npm Blog (Archive)

The npm blog has been discontinued.

Updates from the npm team are now published on the GitHub Blog and the GitHub Changelog.

npm Convos: Lumie

Q: Hi! Can you state your name and what you do?

A: Hi! I am Alexandre Levacher, a software engineer living in the south of France, working at Teads, the inventor of native video advertising and the leading Outstream Video Marketplace.

How’s your day going?

Great! I just finished my job for today, focused on improving browser-side performance.

Among others, using the chrome dev tools to find the pieces of code we can improve, like caching assets and implementing lazy-loading.

And now, I’m taking a short break before going to the gym, then I’ll probably wrap the day up working on an exciting side-project.

What specific problem did you have that npm solved?

I’d say that npm made access to the JavaScript open-source ecosystem dead simple. There is always a package that solves all the specific obstacles you’ll encounter on the road of making your awesome project.

npm is similar to LEGOs, except that it’s free and you have access to +800k building blocks to build whatever you have in mind. And the best part is that every day, the pieces are updated and new ones keep coming. There are endless possibilities.

To people who are unsure what they could use npm for — how would you explain the use case?

As your modern JS project needs dependencies, you need npm. You’ll benefit from rock solid packages that will save you tons of time to invest in the real value of your project, and don’t reinvent the wheel. Just take advantage of npm by standing upon the shoulders of giants.

“If I have seen further than others, it is by standing upon the shoulders of giants.”

-Isaac Newton

How’s the day to day experience of using npm?

My day to day experience is great, resolving and downloading dependencies became blazing fast.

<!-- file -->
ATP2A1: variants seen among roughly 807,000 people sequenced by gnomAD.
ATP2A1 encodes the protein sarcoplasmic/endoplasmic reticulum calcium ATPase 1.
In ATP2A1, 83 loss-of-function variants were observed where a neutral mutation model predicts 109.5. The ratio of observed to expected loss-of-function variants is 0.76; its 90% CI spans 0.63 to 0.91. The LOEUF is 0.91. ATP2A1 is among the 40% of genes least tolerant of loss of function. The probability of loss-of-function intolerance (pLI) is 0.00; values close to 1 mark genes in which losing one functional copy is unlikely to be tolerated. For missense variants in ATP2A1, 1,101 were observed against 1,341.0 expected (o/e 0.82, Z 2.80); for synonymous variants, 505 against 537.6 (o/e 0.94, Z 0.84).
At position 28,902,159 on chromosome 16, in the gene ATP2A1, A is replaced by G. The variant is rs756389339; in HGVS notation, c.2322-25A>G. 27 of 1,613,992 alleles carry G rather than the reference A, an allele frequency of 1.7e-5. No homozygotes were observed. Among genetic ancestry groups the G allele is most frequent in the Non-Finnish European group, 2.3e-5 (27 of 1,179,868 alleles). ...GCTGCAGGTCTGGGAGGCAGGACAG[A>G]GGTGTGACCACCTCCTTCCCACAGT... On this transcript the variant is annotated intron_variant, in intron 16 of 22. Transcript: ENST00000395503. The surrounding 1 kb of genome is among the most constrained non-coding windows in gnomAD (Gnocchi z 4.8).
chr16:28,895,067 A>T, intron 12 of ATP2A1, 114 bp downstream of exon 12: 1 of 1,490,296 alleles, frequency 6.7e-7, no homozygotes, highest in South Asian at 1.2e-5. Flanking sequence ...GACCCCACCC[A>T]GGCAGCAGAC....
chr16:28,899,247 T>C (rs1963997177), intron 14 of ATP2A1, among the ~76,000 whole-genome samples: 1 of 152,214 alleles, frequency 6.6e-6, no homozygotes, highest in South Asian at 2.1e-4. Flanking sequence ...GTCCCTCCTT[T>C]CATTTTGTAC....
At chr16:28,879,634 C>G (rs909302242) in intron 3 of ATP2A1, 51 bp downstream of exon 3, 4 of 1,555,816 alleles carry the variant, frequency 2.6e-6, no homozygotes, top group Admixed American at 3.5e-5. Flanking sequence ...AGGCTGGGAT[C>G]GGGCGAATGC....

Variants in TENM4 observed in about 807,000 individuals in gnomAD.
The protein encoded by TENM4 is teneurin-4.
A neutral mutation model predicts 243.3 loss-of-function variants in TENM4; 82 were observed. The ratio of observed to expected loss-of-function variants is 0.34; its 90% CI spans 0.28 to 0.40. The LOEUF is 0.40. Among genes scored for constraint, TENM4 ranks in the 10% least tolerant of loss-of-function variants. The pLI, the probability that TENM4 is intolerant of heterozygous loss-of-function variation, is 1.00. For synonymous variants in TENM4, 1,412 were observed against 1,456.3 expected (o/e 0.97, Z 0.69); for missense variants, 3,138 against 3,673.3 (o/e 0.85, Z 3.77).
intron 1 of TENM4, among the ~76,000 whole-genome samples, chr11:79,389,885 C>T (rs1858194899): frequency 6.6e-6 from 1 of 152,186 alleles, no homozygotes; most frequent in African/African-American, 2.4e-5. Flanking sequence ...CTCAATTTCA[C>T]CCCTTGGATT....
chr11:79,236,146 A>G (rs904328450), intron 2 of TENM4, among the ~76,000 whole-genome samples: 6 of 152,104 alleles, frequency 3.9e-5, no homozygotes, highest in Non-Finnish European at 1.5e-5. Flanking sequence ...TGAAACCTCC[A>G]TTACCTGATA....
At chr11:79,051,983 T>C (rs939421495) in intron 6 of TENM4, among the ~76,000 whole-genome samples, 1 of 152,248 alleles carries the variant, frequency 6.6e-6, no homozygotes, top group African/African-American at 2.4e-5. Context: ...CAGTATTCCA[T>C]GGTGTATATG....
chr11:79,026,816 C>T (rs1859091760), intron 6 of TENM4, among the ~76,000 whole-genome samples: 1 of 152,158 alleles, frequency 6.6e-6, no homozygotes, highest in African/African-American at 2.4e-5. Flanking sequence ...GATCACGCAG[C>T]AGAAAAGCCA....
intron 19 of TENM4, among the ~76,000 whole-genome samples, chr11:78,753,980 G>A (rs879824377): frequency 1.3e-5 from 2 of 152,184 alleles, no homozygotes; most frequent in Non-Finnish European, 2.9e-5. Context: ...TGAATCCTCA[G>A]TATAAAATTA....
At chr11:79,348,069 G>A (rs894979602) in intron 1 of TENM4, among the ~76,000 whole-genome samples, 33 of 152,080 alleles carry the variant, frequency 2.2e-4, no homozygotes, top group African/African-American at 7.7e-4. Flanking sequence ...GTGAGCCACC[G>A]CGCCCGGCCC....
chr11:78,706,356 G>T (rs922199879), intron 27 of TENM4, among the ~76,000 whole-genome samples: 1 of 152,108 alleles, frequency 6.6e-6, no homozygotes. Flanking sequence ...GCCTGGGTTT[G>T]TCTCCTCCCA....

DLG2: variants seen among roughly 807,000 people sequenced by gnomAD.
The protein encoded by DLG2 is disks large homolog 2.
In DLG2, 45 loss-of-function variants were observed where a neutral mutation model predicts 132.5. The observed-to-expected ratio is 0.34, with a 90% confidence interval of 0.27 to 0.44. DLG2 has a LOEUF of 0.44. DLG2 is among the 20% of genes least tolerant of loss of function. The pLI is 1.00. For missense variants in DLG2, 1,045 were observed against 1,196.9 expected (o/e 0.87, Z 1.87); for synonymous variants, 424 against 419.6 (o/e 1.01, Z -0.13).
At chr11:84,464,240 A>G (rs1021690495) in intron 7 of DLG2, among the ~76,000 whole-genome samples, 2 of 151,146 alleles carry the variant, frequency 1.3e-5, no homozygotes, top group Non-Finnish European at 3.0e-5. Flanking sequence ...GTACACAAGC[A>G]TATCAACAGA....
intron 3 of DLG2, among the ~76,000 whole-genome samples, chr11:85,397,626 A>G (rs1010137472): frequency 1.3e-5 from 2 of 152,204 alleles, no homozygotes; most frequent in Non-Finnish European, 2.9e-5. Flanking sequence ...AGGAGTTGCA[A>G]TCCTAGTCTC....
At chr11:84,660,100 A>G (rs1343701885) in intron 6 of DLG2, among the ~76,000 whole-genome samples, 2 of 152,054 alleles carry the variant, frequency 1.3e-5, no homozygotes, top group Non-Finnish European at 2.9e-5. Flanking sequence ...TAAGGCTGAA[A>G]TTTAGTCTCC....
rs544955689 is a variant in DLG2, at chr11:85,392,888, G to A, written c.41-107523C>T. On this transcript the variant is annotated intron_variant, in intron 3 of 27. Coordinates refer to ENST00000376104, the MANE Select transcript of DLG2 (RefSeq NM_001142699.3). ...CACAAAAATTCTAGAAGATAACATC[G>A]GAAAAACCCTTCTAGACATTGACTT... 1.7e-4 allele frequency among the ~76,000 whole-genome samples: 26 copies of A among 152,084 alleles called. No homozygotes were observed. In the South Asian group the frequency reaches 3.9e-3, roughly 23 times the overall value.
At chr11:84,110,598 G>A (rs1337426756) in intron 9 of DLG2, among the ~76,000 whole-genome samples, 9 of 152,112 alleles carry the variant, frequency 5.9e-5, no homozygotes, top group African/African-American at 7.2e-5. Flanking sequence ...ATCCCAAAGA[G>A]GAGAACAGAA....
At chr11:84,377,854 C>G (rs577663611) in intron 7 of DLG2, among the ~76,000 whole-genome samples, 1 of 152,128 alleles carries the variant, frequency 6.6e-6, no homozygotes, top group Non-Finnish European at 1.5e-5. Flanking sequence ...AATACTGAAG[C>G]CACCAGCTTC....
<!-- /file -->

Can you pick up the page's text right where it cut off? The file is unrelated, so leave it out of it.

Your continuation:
Moreover, it’s a treat to have the lockfile. The JS ecosystem moves on quickly — every day comes with dependencies updates that could eventually break your project. Thanks to the lockfile, it’s guaranteed that the dependencies on your local environment will be the same that your production dependencies, freshly downloaded.

Would you recommend that another person or organization use npm and why?

Of course, it’s a must-have. It could be interesting if you wish to check private repositories as well, in order to enjoy the power of npm in private.

You can’t go wrong using npm, and seeing the improvements of the last major versions couldn’t be a better indicator for the future.

I also encourage people to publish their own packages. We all develop “tools" in our codebase that could be turned into an npm package. If it helps you, it will help others. You’ll get feedback, improve your skills, and be proud to see your module used by other developers.

Any cool npm stuff you’ve done publicly that you’d like to promote?

Three years ago, when I started developing an Express.js API for a company, I thought about what could be the best architecture for controllers, in order to keep it organized as the codebase grows.

Influenced by Sails or Rails and by my researches, I created my own system. I did not want to overload my project using a complete framework like Sails, but rather pick lighter dependencies when needed.

I realized that if you don’t think about how the project will evolve, you can quickly have an unorganized codebase when using Express. Which is why I came to a solution that stays maintainable and improves productivity.

To make this new system work, I created Lumie, a light npm package that loads your controllers following my method.

If you want to know more about it or give me feedback, feel free to check my Github repository.